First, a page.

Pain continues to hammer the automotive supply base, as Vincent Industrial Plastics Inc., a 28-year-old custom injection molder, is bankrupt and going out of business in Henderson, Ky.
On Sept. 17, a bankruptcy judge authorized the company to sell tooling and inventory, to avoid disruption to customers.
James Vincent Sr. founded the company in 1981. It grew to become a 300-employee molder with more than 70 injection molding machines, supplying automotive, appliances, packaging and consumer products. Employment is down to about 70, court documents said.
Vincent Industrial is an automotive Tier 1 and Tier 2 supplier that produces plastic injection molded components used on virtually every vehicle made in North America, according to its Web site.
In late 2005, the molder signed a credit agreement with Wells Fargo NA, secured by its assets, according to documents in the bankruptcy case. But in 2007, Vincent Industrial suffered from an increasingly significant downturn in business that triggered loan covenants and put the company into default.
Wells Fargo held off on foreclosure for 11/2 years, giving Vincent Industrial time to restructure and seek a buyer.
But the collapse of the automotive business hurt. The events of the past year made it impossible for Vincent Industrial to continue its business, the company said in court documents.
On June 19, the molder entered into a liquidation agreement with Wells Fargo, where Vincent agreed to an orderly wind-down of its operation and surrender of its property to Wells Fargo. The bank, in turn, funded limited operations for key product lines and employee salaries.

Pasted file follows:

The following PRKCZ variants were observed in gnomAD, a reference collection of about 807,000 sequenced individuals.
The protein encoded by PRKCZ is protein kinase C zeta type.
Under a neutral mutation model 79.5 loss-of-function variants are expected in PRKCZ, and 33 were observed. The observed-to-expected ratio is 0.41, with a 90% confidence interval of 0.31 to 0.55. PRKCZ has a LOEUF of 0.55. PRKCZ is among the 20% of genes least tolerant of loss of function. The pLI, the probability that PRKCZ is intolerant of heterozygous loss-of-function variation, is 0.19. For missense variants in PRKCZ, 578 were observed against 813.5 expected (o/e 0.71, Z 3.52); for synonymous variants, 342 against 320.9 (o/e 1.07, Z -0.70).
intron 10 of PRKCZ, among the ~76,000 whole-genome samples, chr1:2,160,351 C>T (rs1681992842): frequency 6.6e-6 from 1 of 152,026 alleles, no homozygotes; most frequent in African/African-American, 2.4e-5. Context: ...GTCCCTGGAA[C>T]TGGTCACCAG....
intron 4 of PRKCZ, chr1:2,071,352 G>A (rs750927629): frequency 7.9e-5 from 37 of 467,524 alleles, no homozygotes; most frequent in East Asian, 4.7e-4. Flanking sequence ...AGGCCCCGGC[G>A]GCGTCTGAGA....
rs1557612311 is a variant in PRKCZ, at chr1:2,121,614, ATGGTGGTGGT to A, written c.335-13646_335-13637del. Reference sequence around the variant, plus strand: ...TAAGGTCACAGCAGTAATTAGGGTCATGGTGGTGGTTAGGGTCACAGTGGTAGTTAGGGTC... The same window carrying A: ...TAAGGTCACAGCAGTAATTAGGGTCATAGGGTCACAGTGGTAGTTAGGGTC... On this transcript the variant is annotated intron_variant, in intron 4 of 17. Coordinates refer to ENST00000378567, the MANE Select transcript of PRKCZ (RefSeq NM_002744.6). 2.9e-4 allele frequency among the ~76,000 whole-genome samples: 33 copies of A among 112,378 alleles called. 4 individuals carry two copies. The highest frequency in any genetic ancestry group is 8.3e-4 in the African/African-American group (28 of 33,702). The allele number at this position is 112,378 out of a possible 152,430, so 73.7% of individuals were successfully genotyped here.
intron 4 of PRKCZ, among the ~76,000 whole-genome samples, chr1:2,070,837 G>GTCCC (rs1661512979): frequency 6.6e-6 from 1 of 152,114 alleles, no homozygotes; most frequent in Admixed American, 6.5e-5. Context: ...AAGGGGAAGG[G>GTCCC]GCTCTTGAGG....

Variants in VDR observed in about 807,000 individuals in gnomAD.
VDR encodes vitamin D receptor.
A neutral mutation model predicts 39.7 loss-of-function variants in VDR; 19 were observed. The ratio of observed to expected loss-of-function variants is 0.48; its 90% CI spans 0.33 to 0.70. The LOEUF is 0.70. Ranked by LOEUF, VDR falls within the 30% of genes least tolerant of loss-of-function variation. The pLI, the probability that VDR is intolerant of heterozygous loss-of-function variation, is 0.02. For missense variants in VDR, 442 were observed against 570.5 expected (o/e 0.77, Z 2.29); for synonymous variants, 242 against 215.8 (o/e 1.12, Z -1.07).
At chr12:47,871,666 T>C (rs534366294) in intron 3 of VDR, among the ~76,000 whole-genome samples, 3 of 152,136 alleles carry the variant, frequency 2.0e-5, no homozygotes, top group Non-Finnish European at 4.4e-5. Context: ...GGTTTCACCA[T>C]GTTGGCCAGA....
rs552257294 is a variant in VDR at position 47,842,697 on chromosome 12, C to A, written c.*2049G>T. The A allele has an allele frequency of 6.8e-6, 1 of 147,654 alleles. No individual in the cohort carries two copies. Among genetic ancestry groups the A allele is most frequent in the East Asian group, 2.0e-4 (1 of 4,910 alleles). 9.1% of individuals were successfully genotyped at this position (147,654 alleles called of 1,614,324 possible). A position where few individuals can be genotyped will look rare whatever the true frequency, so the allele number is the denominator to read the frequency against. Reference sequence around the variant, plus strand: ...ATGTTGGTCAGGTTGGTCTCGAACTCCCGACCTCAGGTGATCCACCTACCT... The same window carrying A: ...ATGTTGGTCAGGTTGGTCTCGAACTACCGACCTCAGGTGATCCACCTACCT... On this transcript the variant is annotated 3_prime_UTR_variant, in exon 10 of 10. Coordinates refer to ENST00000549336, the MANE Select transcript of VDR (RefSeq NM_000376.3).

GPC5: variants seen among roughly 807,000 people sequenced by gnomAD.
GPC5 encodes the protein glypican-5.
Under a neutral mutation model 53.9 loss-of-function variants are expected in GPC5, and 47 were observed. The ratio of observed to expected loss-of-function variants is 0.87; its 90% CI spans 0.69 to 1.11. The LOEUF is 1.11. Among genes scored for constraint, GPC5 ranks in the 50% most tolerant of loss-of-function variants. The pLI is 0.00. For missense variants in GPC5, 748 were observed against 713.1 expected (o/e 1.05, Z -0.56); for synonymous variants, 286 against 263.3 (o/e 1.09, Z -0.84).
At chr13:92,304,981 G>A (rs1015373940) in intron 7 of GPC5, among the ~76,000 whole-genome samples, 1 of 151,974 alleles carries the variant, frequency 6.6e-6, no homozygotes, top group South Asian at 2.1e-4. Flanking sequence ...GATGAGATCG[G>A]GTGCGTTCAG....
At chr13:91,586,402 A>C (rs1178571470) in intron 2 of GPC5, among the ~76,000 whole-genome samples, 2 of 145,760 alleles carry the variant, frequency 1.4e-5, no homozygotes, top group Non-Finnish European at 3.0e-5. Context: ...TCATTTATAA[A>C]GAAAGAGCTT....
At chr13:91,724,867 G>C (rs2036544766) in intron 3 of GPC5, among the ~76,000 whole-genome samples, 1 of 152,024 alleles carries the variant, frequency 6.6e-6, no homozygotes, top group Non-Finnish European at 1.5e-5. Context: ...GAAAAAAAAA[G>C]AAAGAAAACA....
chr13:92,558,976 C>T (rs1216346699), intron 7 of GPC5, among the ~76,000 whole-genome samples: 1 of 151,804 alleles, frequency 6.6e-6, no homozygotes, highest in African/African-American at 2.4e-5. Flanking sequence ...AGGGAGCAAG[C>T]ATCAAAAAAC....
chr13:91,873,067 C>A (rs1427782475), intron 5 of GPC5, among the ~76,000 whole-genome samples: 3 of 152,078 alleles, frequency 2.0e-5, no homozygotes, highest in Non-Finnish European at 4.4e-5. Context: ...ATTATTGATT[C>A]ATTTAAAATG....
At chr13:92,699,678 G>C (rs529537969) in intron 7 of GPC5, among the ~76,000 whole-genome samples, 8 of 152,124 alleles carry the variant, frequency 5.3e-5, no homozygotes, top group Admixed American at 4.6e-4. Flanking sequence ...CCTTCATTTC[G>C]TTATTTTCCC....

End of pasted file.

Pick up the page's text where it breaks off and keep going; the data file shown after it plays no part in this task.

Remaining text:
The molder owes Wells Fargo about $4 million.
According to court documents, Vincent Industrial and the bank signed a letter of intent to sell the property, but the deal fell apart when three resin compounders Diamond Polymers Inc. of Akron, Ohio, and QTR Inc. and EnCom Inc., both of Evansville, Ind. filed an involuntary Chapter 7 bankruptcy proceeding against the plastics molder July 29.
Vincent Industrial then asked the court to convert the case to a Chapter 11 bankruptcy. The judge approved that move Aug. 13.
The motion approved Sept. 17 allowing Vincent Industrial to sell tooling and inventory details the cascading effect that problems at one supplier can have on the automotive industry, which is built on just-in-time delivery: A shutdown of the operations of Vincent Industrial without a stable transition plan would create ramifications throughout the industries served by Vincent Industrial that would cause great damage to its customers, their customers and potentially, the industries as a whole.
To avoid that problem, Vincent Industrial, Wells Fargo and key customers developed a plan to keep the molder operating for a limited time. It will manufacture parts banks while its molds are moved to other plastics processors, according to recently-filed court documents.
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